Elucidating the molecular mechanisms that control the switch between mitochondrial repair and destruction after mitochondrial damage

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Nolin, Andrew
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University Honors College, Middle Tennessee State University
Parkinson’s disease (PD) is a neurodegenerative disease characterized by loss of dopaminergic neurons from the substantia nigra pars compacta, resulting in tremors at rest, bradykinesia, stiffness of muscles, retropulsion, and poor balance. A leading hypothesis on the cause of PD is dysfunction of the mitophagy pathway. Mitophagy is a mitochondrial quality control pathway that destroys dysfunctional mitochondria. Currently, it is unclear how this pathway responds to minor or transient impairment of function. Here we show that intermediate doses of the mitochondrial poison, CCCP, cause partial depolarization of mitochondria and transient association of PINK1 proteins with the outer mitochondrial membrane (OMM) lasting ~60-90 minutes. Our data suggests that this mechanism enables the cell to ‘abort’ the mitophagy process if mitochondrial function is restored, preventing inappropriate destruction of healthy mitochondria. These new insights into PINK1 function may inform future studies that seek to enhance or maintain mitochondrial health in PD patients.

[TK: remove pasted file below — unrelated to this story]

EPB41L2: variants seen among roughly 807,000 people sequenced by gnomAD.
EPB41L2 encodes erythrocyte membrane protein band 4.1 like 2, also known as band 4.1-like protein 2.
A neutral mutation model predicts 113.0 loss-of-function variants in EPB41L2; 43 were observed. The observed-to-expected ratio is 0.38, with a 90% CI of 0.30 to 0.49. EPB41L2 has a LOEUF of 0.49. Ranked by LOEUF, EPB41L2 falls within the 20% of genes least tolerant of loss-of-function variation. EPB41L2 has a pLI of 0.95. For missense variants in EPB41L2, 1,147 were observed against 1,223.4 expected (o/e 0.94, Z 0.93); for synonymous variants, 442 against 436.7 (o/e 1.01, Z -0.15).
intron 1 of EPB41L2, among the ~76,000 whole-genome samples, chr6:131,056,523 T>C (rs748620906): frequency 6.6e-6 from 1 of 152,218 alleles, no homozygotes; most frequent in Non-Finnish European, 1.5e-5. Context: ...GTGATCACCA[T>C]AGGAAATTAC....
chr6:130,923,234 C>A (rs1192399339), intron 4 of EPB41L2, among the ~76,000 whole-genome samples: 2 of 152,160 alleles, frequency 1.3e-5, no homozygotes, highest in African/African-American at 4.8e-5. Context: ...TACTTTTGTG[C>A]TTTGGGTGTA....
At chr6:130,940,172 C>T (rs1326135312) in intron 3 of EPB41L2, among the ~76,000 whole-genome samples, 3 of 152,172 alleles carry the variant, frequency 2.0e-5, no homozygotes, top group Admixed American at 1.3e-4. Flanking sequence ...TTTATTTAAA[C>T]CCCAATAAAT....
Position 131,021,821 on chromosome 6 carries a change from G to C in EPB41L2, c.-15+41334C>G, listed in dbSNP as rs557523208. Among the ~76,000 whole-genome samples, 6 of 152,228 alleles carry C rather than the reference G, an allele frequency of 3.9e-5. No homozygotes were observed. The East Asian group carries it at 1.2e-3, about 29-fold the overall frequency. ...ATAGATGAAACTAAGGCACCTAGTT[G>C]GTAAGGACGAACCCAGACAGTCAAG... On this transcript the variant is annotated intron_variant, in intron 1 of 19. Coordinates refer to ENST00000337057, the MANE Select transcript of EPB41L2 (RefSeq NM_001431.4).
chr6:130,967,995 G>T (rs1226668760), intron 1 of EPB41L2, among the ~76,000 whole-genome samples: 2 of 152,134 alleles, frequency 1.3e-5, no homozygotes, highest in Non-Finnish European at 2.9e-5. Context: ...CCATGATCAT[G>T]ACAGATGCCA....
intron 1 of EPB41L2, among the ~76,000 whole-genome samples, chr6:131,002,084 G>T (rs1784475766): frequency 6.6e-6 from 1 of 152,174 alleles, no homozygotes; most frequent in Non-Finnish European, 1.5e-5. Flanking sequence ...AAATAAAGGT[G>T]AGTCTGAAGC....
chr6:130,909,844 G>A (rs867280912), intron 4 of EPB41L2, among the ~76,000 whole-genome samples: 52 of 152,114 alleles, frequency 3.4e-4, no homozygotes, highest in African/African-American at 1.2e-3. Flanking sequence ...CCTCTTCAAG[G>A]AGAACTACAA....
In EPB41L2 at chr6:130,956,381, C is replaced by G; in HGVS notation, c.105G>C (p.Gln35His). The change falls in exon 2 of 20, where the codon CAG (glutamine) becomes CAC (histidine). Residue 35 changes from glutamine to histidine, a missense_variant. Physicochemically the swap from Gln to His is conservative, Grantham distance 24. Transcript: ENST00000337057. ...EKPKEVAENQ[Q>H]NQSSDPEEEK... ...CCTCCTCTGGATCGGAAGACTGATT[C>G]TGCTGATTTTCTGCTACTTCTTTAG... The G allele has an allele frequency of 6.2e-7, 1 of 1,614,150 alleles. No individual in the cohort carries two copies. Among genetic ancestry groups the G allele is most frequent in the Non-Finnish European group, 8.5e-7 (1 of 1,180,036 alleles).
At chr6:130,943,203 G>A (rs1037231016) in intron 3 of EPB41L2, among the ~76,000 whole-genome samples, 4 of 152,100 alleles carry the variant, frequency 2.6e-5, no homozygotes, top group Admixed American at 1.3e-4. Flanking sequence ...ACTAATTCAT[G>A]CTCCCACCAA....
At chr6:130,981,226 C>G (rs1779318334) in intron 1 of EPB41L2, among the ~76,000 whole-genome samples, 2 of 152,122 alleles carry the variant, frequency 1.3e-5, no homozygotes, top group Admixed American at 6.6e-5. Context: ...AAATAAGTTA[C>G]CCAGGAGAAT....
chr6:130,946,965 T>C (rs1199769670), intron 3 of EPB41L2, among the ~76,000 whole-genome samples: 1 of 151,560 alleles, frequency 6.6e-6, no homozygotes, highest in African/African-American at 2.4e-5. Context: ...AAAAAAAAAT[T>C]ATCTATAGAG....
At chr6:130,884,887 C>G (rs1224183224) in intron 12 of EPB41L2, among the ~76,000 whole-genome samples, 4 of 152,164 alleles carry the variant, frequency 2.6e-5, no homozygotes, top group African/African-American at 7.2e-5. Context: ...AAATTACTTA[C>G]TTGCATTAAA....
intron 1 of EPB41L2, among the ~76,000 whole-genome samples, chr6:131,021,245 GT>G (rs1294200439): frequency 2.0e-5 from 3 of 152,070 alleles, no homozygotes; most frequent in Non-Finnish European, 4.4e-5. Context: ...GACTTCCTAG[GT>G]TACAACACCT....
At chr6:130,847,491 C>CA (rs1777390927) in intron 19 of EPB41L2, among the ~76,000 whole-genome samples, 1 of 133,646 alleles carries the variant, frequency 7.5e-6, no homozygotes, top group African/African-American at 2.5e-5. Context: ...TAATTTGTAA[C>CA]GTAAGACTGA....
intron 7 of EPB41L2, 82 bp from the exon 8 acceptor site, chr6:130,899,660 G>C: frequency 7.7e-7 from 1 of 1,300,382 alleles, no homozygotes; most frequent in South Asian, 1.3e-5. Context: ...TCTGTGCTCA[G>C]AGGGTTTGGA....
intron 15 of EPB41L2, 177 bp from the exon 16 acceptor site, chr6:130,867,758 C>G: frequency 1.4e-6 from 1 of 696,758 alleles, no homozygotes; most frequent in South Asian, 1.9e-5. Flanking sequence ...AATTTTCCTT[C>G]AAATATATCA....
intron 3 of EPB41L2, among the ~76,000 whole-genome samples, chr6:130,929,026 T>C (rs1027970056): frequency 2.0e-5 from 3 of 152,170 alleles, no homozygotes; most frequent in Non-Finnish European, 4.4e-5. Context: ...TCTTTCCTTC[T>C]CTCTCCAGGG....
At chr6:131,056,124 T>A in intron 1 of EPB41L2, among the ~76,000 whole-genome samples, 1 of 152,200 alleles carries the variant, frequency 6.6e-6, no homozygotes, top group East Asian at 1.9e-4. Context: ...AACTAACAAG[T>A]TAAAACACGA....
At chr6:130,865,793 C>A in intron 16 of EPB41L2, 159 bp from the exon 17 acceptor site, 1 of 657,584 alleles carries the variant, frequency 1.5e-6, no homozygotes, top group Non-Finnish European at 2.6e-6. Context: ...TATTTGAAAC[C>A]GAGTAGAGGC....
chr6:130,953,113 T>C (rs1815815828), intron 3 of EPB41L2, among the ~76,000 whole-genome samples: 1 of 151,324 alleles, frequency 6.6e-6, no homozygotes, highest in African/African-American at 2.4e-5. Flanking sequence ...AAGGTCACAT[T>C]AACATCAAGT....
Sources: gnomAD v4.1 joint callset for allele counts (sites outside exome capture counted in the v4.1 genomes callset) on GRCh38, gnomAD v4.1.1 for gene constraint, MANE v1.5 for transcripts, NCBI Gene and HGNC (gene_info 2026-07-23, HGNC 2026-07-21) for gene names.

Parkinson's disease, mifophagy, PINK1, mitochondria, repair